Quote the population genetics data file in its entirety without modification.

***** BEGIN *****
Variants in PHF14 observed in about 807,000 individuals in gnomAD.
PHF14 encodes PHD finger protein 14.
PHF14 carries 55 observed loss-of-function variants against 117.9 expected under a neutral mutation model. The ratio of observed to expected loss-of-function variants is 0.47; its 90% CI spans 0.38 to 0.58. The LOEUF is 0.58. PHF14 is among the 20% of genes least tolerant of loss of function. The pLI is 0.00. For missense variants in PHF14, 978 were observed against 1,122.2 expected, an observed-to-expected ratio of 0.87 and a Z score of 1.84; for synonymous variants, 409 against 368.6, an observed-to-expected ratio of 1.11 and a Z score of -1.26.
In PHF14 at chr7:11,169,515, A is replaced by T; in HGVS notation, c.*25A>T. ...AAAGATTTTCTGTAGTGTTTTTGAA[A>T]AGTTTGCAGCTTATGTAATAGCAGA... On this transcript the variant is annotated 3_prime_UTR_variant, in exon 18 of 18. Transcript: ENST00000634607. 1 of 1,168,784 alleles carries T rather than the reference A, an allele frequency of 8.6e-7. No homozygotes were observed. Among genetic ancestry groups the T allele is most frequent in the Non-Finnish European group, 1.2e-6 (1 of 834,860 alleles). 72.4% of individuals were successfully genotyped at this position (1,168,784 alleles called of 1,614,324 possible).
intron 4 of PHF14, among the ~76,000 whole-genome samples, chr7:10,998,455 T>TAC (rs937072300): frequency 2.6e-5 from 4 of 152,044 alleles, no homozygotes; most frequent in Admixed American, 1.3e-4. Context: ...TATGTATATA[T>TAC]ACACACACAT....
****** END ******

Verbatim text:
Variants in PHF14 observed in about 807,000 individuals in gnomAD.
PHF14 encodes PHD finger protein 14.
PHF14 carries 55 observed loss-of-function variants against 117.9 expected under a neutral mutation model. The ratio of observed to expected loss-of-function variants is 0.47; its 90% CI spans 0.38 to 0.58. The LOEUF is 0.58. PHF14 is among the 20% of genes least tolerant of loss of function. The pLI is 0.00. For missense variants in PHF14, 978 were observed against 1,122.2 expected, an observed-to-expected ratio of 0.87 and a Z score of 1.84; for synonymous variants, 409 against 368.6, an observed-to-expected ratio of 1.11 and a Z score of -1.26.
In PHF14 at chr7:11,169,515, A is replaced by T; in HGVS notation, c.*25A>T. ...AAAGATTTTCTGTAGTGTTTTTGAA[A>T]AGTTTGCAGCTTATGTAATAGCAGA... On this transcript the variant is annotated 3_prime_UTR_variant, in exon 18 of 18. Transcript: ENST00000634607. 1 of 1,168,784 alleles carries T rather than the reference A, an allele frequency of 8.6e-7. No homozygotes were observed. Among genetic ancestry groups the T allele is most frequent in the Non-Finnish European group, 1.2e-6 (1 of 834,860 alleles). 72.4% of individuals were successfully genotyped at this position (1,168,784 alleles called of 1,614,324 possible).
intron 4 of PHF14, among the ~76,000 whole-genome samples, chr7:10,998,455 T>TAC (rs937072300): frequency 2.6e-5 from 4 of 152,044 alleles, no homozygotes; most frequent in Admixed American, 1.3e-4. Context: ...TATGTATATA[T>TAC]ACACACACAT....